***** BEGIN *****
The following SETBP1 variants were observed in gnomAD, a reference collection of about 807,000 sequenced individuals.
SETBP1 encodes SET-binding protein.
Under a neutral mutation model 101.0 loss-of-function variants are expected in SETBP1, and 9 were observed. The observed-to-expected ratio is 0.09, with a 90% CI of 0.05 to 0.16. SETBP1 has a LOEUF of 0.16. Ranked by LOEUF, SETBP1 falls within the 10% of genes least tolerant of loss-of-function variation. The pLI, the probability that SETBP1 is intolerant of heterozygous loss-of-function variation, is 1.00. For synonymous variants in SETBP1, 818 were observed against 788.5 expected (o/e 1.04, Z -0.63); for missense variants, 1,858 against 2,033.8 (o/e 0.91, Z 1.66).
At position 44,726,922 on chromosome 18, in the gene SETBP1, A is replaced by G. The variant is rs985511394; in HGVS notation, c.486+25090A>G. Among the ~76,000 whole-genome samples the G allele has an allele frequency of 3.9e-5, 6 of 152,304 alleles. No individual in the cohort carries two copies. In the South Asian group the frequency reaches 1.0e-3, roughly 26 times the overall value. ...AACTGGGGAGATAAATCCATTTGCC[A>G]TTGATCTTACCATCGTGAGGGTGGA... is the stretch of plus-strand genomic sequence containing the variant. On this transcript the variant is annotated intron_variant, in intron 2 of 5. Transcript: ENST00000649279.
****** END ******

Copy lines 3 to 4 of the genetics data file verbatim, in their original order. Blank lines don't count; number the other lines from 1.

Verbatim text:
Under a neutral mutation model 101.0 loss-of-function variants are expected in SETBP1, and 9 were observed. The observed-to-expected ratio is 0.09, with a 90% CI of 0.05 to 0.16. SETBP1 has a LOEUF of 0.16. Ranked by LOEUF, SETBP1 falls within the 10% of genes least tolerant of loss-of-function variation. The pLI, the probability that SETBP1 is intolerant of heterozygous loss-of-function variation, is 1.00. For synonymous variants in SETBP1, 818 were observed against 788.5 expected (o/e 1.04, Z -0.63); for missense variants, 1,858 against 2,033.8 (o/e 0.91, Z 1.66).
At position 44,726,922 on chromosome 18, in the gene SETBP1, A is replaced by G. The variant is rs985511394; in HGVS notation, c.486+25090A>G. Among the ~76,000 whole-genome samples the G allele has an allele frequency of 3.9e-5, 6 of 152,304 alleles. No individual in the cohort carries two copies. In the South Asian group the frequency reaches 1.0e-3, roughly 26 times the overall value. ...AACTGGGGAGATAAATCCATTTGCC[A>G]TTGATCTTACCATCGTGAGGGTGGA... is the stretch of plus-strand genomic sequence containing the variant. On this transcript the variant is annotated intron_variant, in intron 2 of 5. Transcript: ENST00000649279.